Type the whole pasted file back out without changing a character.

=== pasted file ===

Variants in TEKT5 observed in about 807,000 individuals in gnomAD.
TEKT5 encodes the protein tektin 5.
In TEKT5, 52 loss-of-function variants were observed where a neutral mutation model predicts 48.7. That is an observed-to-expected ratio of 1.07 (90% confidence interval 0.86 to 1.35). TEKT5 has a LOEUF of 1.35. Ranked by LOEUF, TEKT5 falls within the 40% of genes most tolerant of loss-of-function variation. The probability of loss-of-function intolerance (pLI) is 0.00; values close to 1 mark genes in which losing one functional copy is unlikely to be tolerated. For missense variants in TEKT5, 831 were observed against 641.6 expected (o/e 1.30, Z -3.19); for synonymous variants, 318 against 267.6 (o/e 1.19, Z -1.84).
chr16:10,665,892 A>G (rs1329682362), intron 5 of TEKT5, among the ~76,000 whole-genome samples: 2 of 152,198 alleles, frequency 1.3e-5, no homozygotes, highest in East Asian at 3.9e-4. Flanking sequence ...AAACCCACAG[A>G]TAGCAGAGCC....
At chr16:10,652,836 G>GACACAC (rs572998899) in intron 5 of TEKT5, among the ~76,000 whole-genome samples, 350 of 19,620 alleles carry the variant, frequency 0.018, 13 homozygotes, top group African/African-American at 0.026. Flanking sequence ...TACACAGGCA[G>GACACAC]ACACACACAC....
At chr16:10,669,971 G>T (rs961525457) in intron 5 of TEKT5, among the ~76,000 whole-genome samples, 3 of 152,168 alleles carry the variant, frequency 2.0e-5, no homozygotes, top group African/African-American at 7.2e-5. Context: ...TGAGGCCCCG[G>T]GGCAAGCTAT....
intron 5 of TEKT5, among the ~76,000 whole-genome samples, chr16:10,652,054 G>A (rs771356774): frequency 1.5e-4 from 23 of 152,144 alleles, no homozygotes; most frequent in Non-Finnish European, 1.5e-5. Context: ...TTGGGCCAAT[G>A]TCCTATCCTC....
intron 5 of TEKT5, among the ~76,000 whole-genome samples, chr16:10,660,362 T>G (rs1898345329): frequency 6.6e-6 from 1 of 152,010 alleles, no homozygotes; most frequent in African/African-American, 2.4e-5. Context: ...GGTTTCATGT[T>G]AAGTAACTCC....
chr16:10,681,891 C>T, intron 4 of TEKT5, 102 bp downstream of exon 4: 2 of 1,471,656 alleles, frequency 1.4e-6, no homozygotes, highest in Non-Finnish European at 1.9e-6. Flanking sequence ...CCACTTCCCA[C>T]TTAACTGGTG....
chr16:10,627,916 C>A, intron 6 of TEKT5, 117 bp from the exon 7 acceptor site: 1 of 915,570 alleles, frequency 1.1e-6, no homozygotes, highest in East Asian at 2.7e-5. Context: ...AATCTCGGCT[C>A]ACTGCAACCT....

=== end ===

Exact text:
Variants in TEKT5 observed in about 807,000 individuals in gnomAD.
TEKT5 encodes the protein tektin 5.
In TEKT5, 52 loss-of-function variants were observed where a neutral mutation model predicts 48.7. That is an observed-to-expected ratio of 1.07 (90% confidence interval 0.86 to 1.35). TEKT5 has a LOEUF of 1.35. Ranked by LOEUF, TEKT5 falls within the 40% of genes most tolerant of loss-of-function variation. The probability of loss-of-function intolerance (pLI) is 0.00; values close to 1 mark genes in which losing one functional copy is unlikely to be tolerated. For missense variants in TEKT5, 831 were observed against 641.6 expected (o/e 1.30, Z -3.19); for synonymous variants, 318 against 267.6 (o/e 1.19, Z -1.84).
chr16:10,665,892 A>G (rs1329682362), intron 5 of TEKT5, among the ~76,000 whole-genome samples: 2 of 152,198 alleles, frequency 1.3e-5, no homozygotes, highest in East Asian at 3.9e-4. Flanking sequence ...AAACCCACAG[A>G]TAGCAGAGCC....
At chr16:10,652,836 G>GACACAC (rs572998899) in intron 5 of TEKT5, among the ~76,000 whole-genome samples, 350 of 19,620 alleles carry the variant, frequency 0.018, 13 homozygotes, top group African/African-American at 0.026. Flanking sequence ...TACACAGGCA[G>GACACAC]ACACACACAC....
At chr16:10,669,971 G>T (rs961525457) in intron 5 of TEKT5, among the ~76,000 whole-genome samples, 3 of 152,168 alleles carry the variant, frequency 2.0e-5, no homozygotes, top group African/African-American at 7.2e-5. Context: ...TGAGGCCCCG[G>T]GGCAAGCTAT....
intron 5 of TEKT5, among the ~76,000 whole-genome samples, chr16:10,652,054 G>A (rs771356774): frequency 1.5e-4 from 23 of 152,144 alleles, no homozygotes; most frequent in Non-Finnish European, 1.5e-5. Context: ...TTGGGCCAAT[G>A]TCCTATCCTC....
intron 5 of TEKT5, among the ~76,000 whole-genome samples, chr16:10,660,362 T>G (rs1898345329): frequency 6.6e-6 from 1 of 152,010 alleles, no homozygotes; most frequent in African/African-American, 2.4e-5. Context: ...GGTTTCATGT[T>G]AAGTAACTCC....
chr16:10,681,891 C>T, intron 4 of TEKT5, 102 bp downstream of exon 4: 2 of 1,471,656 alleles, frequency 1.4e-6, no homozygotes, highest in Non-Finnish European at 1.9e-6. Flanking sequence ...CCACTTCCCA[C>T]TTAACTGGTG....
chr16:10,627,916 C>A, intron 6 of TEKT5, 117 bp from the exon 7 acceptor site: 1 of 915,570 alleles, frequency 1.1e-6, no homozygotes, highest in East Asian at 2.7e-5. Context: ...AATCTCGGCT[C>A]ACTGCAACCT....